Kathryn K. Fontenot, an assistant professor at LSU AgCenter's School of Plant, Environmental and Soil Sciences, is an avid gardener and works with farmers' markets and home, community and school gardeners. Her new book The Louisiana Urban Gardener (LSU Press) offers guidance to new and beginning home gardeners. Fontenot spoke with Gambit about what vegetables to plant now and mistakes to avoid.
What about Louisiana's climate makes it challenging for home gardeners?
Fontenot: Because we're semi- tropical, we can grow things year-round. We can always plant something, always harvest something in the garden. But with that, we never really get cold enough to kill off that insect population, and it never gets cold enough to kill any (plant) diseases so, there are challenges. We have really humid weather, and we obviously have a lot of rain — sometimes we get too much at one time and not enough at other times. All of that is really challenging for the Louisiana gardener.
What can people plant right now?
F: Now that we're in early October, you can plant all of your cabbage, broccoli, lettuces, kales, mustard greens, Swiss chard, collard greens, turnips, radishes, Brussels sprouts and cauliflower — anything that's leafy and green. What's really great about Louisiana is that we don't have to worry about covering things, as long as we don't get a freeze.
Now is also the time for strawberries, which people don't usually think about this time of year, because you eat them in the spring. You'll see them on the roadsides right after Thanksgiving and then again in the beginning of the year. Those are truly Louisiana-grown strawberries. Our farmers are planting more mature plants than a home gardener would, but a home gardener could plant what we call "bare-root" plants, meaning there's no soil around the root. You put them in the ground, and as long as you keep them really well-watered, they'll start multiplying and you'll be eating strawberries in the spring. Strawberries are pretty tough to grow in the ground, so I always recommend to home growers to put them in a pot or a basket.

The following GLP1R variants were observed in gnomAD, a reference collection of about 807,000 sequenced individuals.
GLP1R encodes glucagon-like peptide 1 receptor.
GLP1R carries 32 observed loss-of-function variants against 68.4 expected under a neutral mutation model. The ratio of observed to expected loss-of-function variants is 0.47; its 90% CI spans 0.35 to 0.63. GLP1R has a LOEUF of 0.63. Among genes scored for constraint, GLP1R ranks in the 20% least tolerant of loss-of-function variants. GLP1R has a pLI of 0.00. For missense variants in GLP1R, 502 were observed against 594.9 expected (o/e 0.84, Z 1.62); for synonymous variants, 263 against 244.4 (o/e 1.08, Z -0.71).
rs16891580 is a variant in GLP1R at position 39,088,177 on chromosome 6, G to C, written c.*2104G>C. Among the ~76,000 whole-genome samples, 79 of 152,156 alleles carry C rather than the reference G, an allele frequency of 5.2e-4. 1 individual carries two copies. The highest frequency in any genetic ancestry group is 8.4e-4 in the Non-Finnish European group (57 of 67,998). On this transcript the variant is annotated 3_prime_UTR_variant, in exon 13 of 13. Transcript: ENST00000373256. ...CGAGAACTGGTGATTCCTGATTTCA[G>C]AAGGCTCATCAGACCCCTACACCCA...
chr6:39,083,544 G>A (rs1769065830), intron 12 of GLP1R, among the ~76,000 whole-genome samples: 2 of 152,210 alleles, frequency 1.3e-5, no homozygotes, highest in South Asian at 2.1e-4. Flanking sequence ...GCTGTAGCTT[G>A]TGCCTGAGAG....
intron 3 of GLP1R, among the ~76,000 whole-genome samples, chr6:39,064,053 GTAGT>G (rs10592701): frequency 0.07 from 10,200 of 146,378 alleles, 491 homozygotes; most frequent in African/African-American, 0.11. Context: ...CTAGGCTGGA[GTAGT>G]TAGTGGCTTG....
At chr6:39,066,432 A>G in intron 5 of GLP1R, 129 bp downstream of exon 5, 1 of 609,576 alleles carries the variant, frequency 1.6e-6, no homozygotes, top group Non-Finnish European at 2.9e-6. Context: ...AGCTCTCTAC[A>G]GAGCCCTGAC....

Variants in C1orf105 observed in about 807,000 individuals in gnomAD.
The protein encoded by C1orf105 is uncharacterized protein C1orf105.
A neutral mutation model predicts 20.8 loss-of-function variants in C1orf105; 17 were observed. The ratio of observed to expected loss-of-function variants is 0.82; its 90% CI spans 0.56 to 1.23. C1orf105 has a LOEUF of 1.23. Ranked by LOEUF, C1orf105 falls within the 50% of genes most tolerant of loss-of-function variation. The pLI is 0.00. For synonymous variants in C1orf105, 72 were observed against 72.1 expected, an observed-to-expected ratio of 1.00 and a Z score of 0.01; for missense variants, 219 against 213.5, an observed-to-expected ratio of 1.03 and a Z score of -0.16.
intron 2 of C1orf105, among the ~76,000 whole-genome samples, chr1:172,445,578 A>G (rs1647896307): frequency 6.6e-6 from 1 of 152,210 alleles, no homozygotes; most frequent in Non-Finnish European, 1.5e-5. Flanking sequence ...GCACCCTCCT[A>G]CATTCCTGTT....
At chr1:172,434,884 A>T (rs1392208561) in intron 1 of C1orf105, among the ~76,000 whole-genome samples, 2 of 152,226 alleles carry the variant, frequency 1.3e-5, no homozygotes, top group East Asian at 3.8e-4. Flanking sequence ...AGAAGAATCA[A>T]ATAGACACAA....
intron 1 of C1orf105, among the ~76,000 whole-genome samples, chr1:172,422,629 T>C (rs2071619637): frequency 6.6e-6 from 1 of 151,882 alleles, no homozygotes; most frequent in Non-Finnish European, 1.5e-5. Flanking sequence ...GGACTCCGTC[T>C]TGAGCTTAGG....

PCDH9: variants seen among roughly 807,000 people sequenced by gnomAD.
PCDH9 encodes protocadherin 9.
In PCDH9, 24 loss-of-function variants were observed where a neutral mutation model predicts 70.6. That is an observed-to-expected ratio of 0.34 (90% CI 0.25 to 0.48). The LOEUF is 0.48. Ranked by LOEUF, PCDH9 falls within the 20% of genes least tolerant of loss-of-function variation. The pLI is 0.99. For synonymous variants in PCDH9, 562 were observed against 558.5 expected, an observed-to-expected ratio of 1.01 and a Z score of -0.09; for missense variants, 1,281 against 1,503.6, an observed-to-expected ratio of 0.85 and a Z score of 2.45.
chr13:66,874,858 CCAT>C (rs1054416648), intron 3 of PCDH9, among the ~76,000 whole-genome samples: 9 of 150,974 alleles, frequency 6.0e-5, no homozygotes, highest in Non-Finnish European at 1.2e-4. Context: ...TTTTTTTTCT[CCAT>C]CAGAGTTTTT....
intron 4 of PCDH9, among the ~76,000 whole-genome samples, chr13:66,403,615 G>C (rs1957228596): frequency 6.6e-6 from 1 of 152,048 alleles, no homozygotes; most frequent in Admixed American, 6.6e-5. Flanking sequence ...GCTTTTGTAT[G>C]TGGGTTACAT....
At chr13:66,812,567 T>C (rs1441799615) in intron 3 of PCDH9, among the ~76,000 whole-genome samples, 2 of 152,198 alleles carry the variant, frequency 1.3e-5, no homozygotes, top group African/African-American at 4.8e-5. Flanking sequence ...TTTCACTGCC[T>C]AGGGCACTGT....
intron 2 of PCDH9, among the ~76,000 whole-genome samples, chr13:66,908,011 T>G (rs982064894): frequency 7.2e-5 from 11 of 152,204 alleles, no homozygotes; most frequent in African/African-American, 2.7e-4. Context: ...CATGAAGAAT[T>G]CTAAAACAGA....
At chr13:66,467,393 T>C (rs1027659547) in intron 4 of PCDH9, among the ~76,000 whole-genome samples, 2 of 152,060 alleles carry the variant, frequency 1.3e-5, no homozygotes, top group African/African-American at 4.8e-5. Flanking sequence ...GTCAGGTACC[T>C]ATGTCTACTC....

Another great thing to plant right now is artichokes. They're planted now and then they have time to get really big over winter. Then in spring, they send out their shoots, and you've got great artichokes. Really, to get a big, healthy plant with about 10-15 artichokes, you've got to plant them early in fall.
What are some of the most common mistakes novice gardeners make?
F: Under fertilizing. If you're using organic or synthetic fertilizers, it doesn't matter — you just have to put something in the ground. I often see people drop plants and then they don't fertilize them, and (the plants) start looking yellow and weak. It's especially important if you're growing in a raised bed or a container. ... The other thing is fertilizing at the wrong time. You usually fertilize the garden before you plant anything — wait a week and then put your plants in. As the plants start to grow, you want to wait about three weeks and then fertilize, and then wait another three weeks and fertilize again.
It's important to space your plants appropriately. Once a garden starts crowding in any kind of plants, no matter what kind of vegetable it is, you're setting yourself up for failure with insect populations that grow there — transporting from one plant to another. Weeds harbor insects. So if you grow everything wild and messy, you'll actually have worse insect problems. We talk about it holistically. The goal is: You don't want to apply pesticides if possible, just because it costs more money, (but) also, what's the point? You're probably growing your vegetables at home because you want to know how they were grown. I talk about this in the book, too: there are a lot of good gardening practices that will soften the blow if and when insects and disease set in.